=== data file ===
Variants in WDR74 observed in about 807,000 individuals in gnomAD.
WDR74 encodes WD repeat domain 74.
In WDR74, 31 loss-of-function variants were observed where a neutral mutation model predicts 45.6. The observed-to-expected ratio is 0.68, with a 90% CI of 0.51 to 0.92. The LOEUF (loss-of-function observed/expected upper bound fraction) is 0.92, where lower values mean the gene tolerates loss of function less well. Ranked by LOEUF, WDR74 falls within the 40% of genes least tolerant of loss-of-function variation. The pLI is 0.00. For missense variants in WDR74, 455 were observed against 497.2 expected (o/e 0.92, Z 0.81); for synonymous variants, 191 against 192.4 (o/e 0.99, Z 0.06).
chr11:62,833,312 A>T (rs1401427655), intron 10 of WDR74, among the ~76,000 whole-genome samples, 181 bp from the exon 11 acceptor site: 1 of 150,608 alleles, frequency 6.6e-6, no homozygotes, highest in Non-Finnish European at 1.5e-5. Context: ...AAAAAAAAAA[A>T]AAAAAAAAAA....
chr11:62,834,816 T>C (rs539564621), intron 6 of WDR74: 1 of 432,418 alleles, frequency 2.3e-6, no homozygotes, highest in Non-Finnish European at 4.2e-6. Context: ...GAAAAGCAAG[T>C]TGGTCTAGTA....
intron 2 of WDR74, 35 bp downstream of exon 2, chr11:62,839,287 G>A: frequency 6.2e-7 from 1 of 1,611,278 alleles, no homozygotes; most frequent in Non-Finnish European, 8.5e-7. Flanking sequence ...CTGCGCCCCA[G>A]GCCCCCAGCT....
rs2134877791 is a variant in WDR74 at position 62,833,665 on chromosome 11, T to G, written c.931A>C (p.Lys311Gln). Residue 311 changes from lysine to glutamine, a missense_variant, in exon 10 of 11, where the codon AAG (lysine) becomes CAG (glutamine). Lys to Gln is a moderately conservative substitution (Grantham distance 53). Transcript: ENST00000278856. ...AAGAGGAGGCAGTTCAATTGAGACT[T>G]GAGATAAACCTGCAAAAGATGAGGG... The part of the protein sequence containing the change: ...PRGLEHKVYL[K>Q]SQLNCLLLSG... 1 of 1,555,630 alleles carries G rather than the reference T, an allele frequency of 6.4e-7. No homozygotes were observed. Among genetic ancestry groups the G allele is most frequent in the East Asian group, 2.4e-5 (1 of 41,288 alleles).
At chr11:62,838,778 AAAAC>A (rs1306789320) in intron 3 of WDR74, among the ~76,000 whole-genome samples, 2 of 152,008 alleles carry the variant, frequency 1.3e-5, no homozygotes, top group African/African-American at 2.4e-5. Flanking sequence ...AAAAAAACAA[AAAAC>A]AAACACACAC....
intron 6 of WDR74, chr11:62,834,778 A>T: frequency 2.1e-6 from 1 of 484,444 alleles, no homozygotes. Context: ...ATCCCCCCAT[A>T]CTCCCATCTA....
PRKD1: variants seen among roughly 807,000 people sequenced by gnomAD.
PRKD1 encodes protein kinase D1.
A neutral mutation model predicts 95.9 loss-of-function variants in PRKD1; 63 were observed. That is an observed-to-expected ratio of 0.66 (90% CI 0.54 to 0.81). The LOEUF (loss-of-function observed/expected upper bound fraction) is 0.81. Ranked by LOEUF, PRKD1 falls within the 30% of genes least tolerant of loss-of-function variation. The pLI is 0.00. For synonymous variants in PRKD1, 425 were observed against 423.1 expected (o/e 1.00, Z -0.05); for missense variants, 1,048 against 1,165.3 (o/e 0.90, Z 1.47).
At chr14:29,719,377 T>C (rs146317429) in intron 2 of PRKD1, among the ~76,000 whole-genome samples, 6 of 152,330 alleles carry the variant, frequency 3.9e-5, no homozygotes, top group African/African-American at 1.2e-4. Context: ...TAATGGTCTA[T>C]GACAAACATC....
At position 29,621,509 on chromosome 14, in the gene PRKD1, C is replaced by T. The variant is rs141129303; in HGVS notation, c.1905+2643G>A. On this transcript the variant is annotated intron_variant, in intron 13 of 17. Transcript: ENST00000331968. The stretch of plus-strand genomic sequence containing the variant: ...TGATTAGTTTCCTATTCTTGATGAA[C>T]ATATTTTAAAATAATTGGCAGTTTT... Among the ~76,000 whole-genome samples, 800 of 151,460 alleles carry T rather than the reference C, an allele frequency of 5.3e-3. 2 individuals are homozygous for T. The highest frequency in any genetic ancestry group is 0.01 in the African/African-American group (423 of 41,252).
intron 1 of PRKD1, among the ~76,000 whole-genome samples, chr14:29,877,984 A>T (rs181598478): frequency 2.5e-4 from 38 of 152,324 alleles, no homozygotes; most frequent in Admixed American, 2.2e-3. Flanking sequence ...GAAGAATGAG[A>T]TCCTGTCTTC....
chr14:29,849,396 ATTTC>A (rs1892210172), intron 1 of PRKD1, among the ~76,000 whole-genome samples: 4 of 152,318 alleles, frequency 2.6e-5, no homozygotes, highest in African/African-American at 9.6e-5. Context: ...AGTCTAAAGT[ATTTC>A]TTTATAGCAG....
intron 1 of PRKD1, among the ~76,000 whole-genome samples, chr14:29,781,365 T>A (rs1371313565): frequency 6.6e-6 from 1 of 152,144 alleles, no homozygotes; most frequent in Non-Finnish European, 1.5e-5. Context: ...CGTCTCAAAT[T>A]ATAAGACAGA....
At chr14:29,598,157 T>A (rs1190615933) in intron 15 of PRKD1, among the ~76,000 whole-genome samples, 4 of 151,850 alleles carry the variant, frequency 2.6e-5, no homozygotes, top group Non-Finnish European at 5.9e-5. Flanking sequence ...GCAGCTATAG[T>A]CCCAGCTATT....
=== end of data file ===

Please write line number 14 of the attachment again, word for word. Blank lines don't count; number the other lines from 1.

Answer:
At position 29,621,509 on chromosome 14, in the gene PRKD1, C is replaced by T. The variant is rs141129303; in HGVS notation, c.1905+2643G>A. On this transcript the variant is annotated intron_variant, in intron 13 of 17. Transcript: ENST00000331968. The stretch of plus-strand genomic sequence containing the variant: ...TGATTAGTTTCCTATTCTTGATGAA[C>T]ATATTTTAAAATAATTGGCAGTTTT... Among the ~76,000 whole-genome samples, 800 of 151,460 alleles carry T rather than the reference C, an allele frequency of 5.3e-3. 2 individuals are homozygous for T. The highest frequency in any genetic ancestry group is 0.01 in the African/African-American group (423 of 41,252).